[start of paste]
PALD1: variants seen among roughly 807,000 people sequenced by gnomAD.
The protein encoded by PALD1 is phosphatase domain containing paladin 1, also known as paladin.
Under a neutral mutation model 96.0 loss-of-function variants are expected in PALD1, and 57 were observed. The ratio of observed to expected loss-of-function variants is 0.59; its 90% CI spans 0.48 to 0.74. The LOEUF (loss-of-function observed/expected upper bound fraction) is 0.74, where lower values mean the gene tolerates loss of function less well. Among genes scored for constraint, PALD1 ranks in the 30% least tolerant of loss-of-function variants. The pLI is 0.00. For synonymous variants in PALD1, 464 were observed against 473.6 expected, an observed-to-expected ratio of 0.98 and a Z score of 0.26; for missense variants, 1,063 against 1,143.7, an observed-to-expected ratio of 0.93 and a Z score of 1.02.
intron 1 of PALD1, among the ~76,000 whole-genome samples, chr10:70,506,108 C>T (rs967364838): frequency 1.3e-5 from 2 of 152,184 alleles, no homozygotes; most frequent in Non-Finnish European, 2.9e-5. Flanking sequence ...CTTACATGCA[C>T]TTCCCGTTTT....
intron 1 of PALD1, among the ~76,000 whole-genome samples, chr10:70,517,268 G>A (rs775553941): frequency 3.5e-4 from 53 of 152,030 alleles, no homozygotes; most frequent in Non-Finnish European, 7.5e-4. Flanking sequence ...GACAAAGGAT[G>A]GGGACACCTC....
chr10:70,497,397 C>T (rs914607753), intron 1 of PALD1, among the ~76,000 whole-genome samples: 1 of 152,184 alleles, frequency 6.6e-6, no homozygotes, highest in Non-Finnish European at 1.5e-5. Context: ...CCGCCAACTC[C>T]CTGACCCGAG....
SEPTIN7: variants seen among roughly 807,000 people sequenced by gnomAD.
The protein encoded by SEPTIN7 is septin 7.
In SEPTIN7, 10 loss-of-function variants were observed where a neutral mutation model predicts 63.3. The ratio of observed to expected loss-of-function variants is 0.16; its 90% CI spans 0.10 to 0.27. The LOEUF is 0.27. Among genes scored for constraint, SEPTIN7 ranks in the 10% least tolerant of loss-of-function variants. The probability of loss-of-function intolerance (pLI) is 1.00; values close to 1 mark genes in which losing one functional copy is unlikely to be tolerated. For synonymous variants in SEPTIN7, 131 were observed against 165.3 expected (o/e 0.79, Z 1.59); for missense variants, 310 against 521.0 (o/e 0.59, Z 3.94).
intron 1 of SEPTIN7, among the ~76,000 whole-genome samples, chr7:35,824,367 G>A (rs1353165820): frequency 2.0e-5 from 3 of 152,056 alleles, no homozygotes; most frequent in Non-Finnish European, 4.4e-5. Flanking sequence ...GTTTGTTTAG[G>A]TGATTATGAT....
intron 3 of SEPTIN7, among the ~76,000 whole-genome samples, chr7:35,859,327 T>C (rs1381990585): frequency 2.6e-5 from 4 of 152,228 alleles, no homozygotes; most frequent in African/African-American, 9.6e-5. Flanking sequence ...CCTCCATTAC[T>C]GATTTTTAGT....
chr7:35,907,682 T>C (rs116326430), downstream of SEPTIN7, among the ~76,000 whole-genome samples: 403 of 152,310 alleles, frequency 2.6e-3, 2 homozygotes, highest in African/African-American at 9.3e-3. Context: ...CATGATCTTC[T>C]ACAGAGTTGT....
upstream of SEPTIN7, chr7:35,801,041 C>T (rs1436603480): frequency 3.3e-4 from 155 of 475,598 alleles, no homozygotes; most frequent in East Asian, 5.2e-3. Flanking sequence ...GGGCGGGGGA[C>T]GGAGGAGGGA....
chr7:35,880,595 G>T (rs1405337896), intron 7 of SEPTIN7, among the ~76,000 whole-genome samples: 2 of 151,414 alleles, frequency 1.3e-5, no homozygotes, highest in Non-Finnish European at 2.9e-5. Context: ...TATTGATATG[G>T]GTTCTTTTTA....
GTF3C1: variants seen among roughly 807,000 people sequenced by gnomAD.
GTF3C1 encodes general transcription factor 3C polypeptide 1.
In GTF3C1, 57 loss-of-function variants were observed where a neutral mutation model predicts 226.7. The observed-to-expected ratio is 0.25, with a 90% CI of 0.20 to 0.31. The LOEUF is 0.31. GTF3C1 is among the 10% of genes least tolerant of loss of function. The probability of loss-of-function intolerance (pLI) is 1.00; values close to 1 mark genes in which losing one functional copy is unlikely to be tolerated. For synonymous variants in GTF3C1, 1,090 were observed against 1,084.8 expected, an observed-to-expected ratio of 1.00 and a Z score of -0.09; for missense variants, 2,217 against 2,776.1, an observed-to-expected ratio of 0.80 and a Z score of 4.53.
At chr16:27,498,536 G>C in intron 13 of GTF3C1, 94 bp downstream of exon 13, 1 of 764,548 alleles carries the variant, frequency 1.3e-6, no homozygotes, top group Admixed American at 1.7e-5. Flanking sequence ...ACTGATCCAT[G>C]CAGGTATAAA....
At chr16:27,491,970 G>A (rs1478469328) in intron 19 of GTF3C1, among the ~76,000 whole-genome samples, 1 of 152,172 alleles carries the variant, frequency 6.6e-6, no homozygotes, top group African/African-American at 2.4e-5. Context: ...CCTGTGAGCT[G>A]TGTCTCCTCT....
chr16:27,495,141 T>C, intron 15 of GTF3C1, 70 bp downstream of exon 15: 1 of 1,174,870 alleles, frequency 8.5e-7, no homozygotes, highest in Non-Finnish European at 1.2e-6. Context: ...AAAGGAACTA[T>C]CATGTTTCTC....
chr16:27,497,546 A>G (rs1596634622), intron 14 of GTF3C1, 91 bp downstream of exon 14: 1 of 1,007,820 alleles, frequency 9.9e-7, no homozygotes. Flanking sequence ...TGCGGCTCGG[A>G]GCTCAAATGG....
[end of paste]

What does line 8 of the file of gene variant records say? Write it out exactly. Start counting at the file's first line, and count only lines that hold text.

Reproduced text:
The protein encoded by SEPTIN7 is septin 7.